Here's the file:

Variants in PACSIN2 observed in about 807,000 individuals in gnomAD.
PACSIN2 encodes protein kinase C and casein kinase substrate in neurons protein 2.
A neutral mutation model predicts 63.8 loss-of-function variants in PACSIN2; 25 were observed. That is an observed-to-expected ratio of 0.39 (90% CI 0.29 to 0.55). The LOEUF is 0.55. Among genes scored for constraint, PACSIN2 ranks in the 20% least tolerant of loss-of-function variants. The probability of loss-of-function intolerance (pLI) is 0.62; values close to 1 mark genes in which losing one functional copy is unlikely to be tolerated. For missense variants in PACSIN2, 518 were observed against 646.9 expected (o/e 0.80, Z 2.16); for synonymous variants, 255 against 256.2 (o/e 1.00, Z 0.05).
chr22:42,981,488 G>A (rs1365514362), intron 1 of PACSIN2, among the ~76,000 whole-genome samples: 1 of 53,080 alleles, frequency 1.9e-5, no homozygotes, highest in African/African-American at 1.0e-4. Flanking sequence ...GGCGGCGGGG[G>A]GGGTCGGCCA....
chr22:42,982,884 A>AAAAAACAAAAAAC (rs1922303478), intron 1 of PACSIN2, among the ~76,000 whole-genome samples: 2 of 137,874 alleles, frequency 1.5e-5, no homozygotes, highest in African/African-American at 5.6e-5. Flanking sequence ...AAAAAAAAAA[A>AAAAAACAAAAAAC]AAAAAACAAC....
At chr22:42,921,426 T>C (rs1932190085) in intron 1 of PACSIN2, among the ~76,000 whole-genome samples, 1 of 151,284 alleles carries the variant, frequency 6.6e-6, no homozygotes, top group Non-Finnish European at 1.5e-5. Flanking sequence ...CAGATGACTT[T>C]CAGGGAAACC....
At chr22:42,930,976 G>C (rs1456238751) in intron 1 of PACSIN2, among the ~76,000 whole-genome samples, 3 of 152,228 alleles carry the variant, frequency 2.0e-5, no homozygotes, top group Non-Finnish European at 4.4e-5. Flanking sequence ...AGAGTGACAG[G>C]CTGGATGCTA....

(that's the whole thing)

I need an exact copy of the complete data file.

Variants in PACSIN2 observed in about 807,000 individuals in gnomAD.
PACSIN2 encodes protein kinase C and casein kinase substrate in neurons protein 2.
A neutral mutation model predicts 63.8 loss-of-function variants in PACSIN2; 25 were observed. That is an observed-to-expected ratio of 0.39 (90% CI 0.29 to 0.55). The LOEUF is 0.55. Among genes scored for constraint, PACSIN2 ranks in the 20% least tolerant of loss-of-function variants. The probability of loss-of-function intolerance (pLI) is 0.62; values close to 1 mark genes in which losing one functional copy is unlikely to be tolerated. For missense variants in PACSIN2, 518 were observed against 646.9 expected (o/e 0.80, Z 2.16); for synonymous variants, 255 against 256.2 (o/e 1.00, Z 0.05).
chr22:42,981,488 G>A (rs1365514362), intron 1 of PACSIN2, among the ~76,000 whole-genome samples: 1 of 53,080 alleles, frequency 1.9e-5, no homozygotes, highest in African/African-American at 1.0e-4. Flanking sequence ...GGCGGCGGGG[G>A]GGGTCGGCCA....
chr22:42,982,884 A>AAAAAACAAAAAAC (rs1922303478), intron 1 of PACSIN2, among the ~76,000 whole-genome samples: 2 of 137,874 alleles, frequency 1.5e-5, no homozygotes, highest in African/African-American at 5.6e-5. Flanking sequence ...AAAAAAAAAA[A>AAAAAACAAAAAAC]AAAAAACAAC....
At chr22:42,921,426 T>C (rs1932190085) in intron 1 of PACSIN2, among the ~76,000 whole-genome samples, 1 of 151,284 alleles carries the variant, frequency 6.6e-6, no homozygotes, top group Non-Finnish European at 1.5e-5. Flanking sequence ...CAGATGACTT[T>C]CAGGGAAACC....
At chr22:42,930,976 G>C (rs1456238751) in intron 1 of PACSIN2, among the ~76,000 whole-genome samples, 3 of 152,228 alleles carry the variant, frequency 2.0e-5, no homozygotes, top group Non-Finnish European at 4.4e-5. Flanking sequence ...AGAGTGACAG[G>C]CTGGATGCTA....